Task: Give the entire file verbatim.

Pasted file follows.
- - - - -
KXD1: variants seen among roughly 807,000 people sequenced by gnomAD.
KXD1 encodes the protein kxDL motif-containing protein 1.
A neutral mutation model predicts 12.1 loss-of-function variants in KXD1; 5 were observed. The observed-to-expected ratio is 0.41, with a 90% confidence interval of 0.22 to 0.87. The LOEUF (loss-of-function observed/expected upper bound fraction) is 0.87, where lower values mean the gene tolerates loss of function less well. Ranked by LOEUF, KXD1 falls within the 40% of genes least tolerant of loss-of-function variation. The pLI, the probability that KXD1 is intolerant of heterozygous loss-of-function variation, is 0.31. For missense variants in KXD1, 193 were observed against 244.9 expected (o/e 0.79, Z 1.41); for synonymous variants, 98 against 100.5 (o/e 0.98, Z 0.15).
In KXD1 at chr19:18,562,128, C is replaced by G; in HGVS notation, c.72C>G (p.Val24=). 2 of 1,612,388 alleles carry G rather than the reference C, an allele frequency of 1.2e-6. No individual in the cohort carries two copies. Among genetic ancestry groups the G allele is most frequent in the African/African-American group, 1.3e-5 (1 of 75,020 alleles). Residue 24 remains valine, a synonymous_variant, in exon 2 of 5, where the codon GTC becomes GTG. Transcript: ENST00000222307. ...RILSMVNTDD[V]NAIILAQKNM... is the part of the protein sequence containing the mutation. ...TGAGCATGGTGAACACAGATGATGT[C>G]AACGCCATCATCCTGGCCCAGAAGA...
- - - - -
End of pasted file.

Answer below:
KXD1: variants seen among roughly 807,000 people sequenced by gnomAD.
KXD1 encodes the protein kxDL motif-containing protein 1.
A neutral mutation model predicts 12.1 loss-of-function variants in KXD1; 5 were observed. The observed-to-expected ratio is 0.41, with a 90% confidence interval of 0.22 to 0.87. The LOEUF (loss-of-function observed/expected upper bound fraction) is 0.87, where lower values mean the gene tolerates loss of function less well. Ranked by LOEUF, KXD1 falls within the 40% of genes least tolerant of loss-of-function variation. The pLI, the probability that KXD1 is intolerant of heterozygous loss-of-function variation, is 0.31. For missense variants in KXD1, 193 were observed against 244.9 expected (o/e 0.79, Z 1.41); for synonymous variants, 98 against 100.5 (o/e 0.98, Z 0.15).
In KXD1 at chr19:18,562,128, C is replaced by G; in HGVS notation, c.72C>G (p.Val24=). 2 of 1,612,388 alleles carry G rather than the reference C, an allele frequency of 1.2e-6. No individual in the cohort carries two copies. Among genetic ancestry groups the G allele is most frequent in the African/African-American group, 1.3e-5 (1 of 75,020 alleles). Residue 24 remains valine, a synonymous_variant, in exon 2 of 5, where the codon GTC becomes GTG. Transcript: ENST00000222307. ...RILSMVNTDD[V]NAIILAQKNM... is the part of the protein sequence containing the mutation. ...TGAGCATGGTGAACACAGATGATGT[C>G]AACGCCATCATCCTGGCCCAGAAGA...